European Commission warns Ireland to improve drinking water

The European Commission has warned Ireland that it faces legal action unless it takes steps to ensure that drinking water supplies to almost 300,000 people are clean.
European Commission warns Ireland to improve drinking water

The European Commission has warned Ireland that it faces legal action unless it takes steps to ensure that drinking water supplies to almost 300,000 people are clean.

Officials in Brussels have urged authorities here to take any measures necessary to ensure that water supplies are fit for human consumption and to take remedial action as soon as possible to improve the quality of drinking water.

The European Commission said Ireland has not been complying with rules on drinking water since December 2003, despite making some progress over the intervening years.

Its warning comes over claims the State has failed to fulfil its obligations under the Drinking Water Directive in relation to Trihalomethane (THM) levels in public water schemes.

THMs are compounds including chloroform which occur in drinking water as a result of reaction between organic materials such as soil and rotting vegetation and chlorine which has been added as a disinfectant.

High THM levels have been linked to diseases of the liver, kidney and central nervous system as well as bladder and colon cancer. Studies show THMs can also affect foetal growth, foetal viability and risks of foetal malformations.

The European Commission has now issued the Irish authorities with a reasoned opinion which allows them four months to remedy the situation.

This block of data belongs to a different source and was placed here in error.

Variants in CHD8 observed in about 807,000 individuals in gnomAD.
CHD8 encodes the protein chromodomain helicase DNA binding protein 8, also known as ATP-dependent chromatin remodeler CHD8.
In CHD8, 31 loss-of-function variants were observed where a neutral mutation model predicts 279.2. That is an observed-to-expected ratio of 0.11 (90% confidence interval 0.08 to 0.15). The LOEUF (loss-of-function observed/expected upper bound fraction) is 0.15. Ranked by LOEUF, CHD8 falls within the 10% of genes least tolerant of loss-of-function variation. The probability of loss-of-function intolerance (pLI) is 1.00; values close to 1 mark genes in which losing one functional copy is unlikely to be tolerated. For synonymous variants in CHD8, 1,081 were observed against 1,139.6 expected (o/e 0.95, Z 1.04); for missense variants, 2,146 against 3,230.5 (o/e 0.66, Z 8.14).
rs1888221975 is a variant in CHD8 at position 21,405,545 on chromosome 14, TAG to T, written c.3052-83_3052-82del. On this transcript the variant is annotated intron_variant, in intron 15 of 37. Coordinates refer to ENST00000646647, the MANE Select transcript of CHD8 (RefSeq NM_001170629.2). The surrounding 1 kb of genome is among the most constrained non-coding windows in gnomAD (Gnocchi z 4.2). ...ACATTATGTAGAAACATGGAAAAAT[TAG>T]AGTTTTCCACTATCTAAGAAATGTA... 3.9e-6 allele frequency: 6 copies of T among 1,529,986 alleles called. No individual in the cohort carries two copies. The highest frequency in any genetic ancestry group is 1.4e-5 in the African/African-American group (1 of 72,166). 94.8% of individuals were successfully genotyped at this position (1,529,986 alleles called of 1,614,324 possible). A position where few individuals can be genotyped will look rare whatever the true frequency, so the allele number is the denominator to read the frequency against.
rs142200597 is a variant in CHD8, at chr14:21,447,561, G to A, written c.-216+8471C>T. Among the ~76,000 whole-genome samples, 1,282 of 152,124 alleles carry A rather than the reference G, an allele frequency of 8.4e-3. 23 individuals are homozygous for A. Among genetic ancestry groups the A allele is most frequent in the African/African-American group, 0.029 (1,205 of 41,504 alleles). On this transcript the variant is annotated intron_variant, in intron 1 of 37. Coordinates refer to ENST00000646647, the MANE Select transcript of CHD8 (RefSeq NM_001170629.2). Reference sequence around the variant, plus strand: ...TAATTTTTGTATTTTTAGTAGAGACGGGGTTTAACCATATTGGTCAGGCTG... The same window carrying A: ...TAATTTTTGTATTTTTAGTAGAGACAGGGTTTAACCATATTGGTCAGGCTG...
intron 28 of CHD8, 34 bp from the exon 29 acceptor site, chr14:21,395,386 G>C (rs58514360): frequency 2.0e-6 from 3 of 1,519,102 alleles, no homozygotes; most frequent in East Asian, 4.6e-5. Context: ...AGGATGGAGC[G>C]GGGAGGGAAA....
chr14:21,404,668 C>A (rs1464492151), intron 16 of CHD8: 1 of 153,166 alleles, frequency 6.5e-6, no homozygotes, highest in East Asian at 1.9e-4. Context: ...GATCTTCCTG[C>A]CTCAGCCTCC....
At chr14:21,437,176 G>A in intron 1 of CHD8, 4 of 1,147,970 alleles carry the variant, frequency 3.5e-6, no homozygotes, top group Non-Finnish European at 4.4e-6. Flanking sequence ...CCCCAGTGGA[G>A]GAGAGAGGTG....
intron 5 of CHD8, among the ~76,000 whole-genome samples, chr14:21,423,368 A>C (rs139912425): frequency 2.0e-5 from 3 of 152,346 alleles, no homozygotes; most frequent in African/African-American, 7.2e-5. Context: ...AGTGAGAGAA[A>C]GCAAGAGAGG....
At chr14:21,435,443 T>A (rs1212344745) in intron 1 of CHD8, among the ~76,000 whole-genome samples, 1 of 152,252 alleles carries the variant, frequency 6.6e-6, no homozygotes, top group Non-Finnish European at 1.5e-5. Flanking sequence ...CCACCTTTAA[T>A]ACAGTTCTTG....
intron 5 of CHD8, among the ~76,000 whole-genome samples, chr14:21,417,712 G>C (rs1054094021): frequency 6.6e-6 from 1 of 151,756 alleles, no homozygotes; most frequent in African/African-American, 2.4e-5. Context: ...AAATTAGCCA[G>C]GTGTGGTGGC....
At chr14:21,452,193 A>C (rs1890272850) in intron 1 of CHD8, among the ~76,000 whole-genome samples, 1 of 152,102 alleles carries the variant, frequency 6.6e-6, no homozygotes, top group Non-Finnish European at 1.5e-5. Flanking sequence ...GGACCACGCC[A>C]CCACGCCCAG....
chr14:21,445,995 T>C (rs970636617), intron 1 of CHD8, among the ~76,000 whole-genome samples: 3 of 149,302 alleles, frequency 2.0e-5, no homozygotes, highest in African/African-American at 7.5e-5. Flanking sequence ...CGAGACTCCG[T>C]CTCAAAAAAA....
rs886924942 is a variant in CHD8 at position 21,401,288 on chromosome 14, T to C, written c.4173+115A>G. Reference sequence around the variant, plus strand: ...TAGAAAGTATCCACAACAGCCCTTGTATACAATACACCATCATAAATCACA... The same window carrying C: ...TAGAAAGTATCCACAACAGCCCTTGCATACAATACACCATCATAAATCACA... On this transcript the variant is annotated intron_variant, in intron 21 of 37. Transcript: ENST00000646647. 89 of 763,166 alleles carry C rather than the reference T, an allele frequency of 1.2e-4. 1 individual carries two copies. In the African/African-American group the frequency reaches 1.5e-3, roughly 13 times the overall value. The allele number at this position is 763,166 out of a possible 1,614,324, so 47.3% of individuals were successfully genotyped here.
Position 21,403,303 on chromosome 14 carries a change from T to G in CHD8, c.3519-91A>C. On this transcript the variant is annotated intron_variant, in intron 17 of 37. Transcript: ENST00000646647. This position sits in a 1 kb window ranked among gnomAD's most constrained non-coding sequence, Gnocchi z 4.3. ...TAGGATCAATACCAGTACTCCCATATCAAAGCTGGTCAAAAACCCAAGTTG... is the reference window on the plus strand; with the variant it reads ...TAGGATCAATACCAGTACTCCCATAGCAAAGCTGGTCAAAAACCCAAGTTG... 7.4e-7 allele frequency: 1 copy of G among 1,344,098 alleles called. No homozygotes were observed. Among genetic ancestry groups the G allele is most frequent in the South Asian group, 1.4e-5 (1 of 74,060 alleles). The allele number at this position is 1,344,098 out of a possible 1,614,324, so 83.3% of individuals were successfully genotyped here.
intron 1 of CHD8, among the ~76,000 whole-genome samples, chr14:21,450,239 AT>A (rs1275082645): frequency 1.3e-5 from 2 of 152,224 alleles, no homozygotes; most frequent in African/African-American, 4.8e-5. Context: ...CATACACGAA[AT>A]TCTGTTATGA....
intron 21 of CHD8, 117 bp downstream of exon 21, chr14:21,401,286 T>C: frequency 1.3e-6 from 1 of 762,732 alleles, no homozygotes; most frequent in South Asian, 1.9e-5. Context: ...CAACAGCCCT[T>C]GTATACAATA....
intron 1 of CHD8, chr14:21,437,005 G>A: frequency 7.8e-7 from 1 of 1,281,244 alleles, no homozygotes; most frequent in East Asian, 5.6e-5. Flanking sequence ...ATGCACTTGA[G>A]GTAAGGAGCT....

“Should Ireland fail to take appropriate action, the Commission may decide to refer the case to the Court of Justice of the European Union,” it said.

The possibility of a legal action at the Luxembourg-based court raises the prospect of the Government being hit with large daily fines until it achieves compliance with EU legislation.

The Environmental Protection Agency said the problem of high THM levels in Ireland was due to the fact that most drinking water comes from surface water such as rivers and lakes which have more natural organic matter than groundwater.

The latest figures show that Irish Water notified the EPA of 54 supplies across 18 counties that failed the THM standard at least once during 2018. It represented a decrease from 90 supplies in 2016.

However, around 300,000 people are still affected by drinking water supplies that are on the EPA’s remedial action list for persistent THM issues.

Irish Water has indicated that all THM action plans will be completed in all supplies by 2021.

According to the HSE, some medical studies suggest a link between long-term exposure to THMs and cancer and reproductive effects but the evidence is not conclusive. There is some evidence to suggest THMs cause cancer in animals.

However, both the HSE and Irish Water stress that any possible risks from THMs are much lower than the risk of serious illness that could result from drinking water that has not been properly disinfected.

The Department of Housing, Planning and Local Government said Ireland had been making progress on the complaints raised by the Commission.

A spokesperson pointed out the original complaints cited 97 drinking water schemes but the figure had now reduced to 44.

The spokesperson said official were examining the reasoned opinion and would together with other stakeholders provide a comprehensive response to Brussels on further progress and an updated programme of works to address any remaining issues.

Last week, Irish Water appealed with people to conserve water following a significant upsurge in usage since the imposition of Covid-19 restrictions.

Domestic metering data shows households are using an extra 24 litres of water per person per day, a 20% rise from February.

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